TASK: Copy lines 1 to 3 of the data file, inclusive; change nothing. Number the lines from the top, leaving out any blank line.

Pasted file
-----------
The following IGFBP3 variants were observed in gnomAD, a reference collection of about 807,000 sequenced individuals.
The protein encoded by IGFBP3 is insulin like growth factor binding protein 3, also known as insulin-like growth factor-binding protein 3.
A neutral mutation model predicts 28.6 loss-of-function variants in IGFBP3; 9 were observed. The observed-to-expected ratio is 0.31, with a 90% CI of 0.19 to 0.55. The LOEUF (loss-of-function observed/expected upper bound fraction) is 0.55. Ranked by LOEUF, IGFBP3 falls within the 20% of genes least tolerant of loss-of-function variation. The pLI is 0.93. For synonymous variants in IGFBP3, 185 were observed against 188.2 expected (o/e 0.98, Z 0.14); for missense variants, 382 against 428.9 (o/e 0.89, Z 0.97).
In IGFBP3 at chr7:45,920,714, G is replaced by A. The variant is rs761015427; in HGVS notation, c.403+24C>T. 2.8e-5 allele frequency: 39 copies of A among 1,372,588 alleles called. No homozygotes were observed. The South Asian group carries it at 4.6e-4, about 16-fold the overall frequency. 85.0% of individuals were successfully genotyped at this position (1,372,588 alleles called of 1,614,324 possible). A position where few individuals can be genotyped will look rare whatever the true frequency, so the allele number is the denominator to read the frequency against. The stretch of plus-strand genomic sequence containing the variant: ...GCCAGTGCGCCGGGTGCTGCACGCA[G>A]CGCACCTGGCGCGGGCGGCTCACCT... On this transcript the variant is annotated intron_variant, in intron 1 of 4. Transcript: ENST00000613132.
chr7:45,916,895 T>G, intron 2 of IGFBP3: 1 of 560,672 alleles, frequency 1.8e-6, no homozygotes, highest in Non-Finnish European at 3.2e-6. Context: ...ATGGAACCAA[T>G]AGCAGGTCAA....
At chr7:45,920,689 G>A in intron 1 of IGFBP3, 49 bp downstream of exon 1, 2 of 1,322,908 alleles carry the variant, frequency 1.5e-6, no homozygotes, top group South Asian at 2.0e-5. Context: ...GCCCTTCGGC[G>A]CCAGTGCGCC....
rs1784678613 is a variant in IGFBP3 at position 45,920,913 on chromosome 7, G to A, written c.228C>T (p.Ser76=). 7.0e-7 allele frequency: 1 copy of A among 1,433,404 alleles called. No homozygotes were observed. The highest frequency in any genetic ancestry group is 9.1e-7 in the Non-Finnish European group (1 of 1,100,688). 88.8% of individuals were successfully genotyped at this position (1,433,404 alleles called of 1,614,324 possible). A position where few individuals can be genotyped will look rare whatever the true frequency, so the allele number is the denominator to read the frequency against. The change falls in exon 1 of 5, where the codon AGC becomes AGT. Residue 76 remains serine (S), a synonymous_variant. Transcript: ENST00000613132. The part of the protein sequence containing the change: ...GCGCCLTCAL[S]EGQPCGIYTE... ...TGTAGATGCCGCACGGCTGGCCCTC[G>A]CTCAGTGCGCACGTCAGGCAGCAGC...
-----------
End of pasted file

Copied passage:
The following IGFBP3 variants were observed in gnomAD, a reference collection of about 807,000 sequenced individuals.
The protein encoded by IGFBP3 is insulin like growth factor binding protein 3, also known as insulin-like growth factor-binding protein 3.
A neutral mutation model predicts 28.6 loss-of-function variants in IGFBP3; 9 were observed. The observed-to-expected ratio is 0.31, with a 90% CI of 0.19 to 0.55. The LOEUF (loss-of-function observed/expected upper bound fraction) is 0.55. Ranked by LOEUF, IGFBP3 falls within the 20% of genes least tolerant of loss-of-function variation. The pLI is 0.93. For synonymous variants in IGFBP3, 185 were observed against 188.2 expected (o/e 0.98, Z 0.14); for missense variants, 382 against 428.9 (o/e 0.89, Z 0.97).